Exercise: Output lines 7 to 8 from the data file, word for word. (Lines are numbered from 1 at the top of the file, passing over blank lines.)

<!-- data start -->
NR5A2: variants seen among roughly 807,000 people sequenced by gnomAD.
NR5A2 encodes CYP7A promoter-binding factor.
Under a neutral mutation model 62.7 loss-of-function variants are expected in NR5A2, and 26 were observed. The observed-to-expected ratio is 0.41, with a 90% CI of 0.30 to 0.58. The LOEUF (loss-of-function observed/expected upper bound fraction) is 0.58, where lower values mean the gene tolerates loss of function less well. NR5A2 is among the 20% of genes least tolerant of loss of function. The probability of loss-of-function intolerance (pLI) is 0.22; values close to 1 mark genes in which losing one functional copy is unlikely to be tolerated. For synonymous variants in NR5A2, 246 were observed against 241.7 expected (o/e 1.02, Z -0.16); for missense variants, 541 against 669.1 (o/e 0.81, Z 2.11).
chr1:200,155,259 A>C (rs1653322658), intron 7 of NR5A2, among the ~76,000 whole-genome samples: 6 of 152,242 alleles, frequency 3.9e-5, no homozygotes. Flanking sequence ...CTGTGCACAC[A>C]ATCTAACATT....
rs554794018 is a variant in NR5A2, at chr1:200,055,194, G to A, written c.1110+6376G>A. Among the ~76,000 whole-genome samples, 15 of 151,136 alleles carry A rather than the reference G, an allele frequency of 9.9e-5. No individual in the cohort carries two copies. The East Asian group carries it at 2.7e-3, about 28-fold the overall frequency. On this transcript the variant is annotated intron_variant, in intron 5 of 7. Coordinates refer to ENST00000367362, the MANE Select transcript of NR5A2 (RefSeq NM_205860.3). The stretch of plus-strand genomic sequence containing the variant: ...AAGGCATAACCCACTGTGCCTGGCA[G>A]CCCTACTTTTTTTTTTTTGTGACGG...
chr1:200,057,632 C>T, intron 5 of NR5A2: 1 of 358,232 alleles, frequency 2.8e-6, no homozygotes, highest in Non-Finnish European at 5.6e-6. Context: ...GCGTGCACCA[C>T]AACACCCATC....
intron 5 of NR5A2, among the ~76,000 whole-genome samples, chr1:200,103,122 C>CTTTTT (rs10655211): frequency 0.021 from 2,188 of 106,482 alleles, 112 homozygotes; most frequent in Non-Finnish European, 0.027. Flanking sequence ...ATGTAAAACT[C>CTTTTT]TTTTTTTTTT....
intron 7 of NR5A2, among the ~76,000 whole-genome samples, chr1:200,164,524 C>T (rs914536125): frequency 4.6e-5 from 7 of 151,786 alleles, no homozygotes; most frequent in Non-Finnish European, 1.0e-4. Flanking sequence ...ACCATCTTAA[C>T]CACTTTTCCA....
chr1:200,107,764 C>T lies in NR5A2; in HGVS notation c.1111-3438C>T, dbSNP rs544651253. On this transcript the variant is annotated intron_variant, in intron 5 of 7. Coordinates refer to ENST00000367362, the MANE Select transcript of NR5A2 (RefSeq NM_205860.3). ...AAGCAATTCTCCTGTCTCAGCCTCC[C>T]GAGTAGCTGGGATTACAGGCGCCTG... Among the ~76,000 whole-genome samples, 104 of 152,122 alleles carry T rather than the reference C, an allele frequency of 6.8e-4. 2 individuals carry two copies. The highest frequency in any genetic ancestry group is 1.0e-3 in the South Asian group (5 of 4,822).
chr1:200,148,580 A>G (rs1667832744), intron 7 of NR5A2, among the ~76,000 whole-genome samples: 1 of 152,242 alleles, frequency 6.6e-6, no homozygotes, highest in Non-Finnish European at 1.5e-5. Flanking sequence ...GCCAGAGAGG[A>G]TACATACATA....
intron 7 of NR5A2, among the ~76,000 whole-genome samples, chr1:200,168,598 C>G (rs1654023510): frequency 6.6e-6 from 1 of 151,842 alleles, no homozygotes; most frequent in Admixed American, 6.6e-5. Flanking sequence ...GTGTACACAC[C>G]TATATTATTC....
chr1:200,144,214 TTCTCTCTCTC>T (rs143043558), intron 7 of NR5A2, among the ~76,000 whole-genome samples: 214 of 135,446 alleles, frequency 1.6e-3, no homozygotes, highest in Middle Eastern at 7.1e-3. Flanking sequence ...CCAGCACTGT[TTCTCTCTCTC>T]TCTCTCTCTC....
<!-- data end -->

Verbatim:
intron 5 of NR5A2, among the ~76,000 whole-genome samples, chr1:200,103,122 C>CTTTTT (rs10655211): frequency 0.021 from 2,188 of 106,482 alleles, 112 homozygotes; most frequent in Non-Finnish European, 0.027. Flanking sequence ...ATGTAAAACT[C>CTTTTT]TTTTTTTTTT....
intron 7 of NR5A2, among the ~76,000 whole-genome samples, chr1:200,164,524 C>T (rs914536125): frequency 4.6e-5 from 7 of 151,786 alleles, no homozygotes; most frequent in Non-Finnish European, 1.0e-4. Flanking sequence ...ACCATCTTAA[C>T]CACTTTTCCA....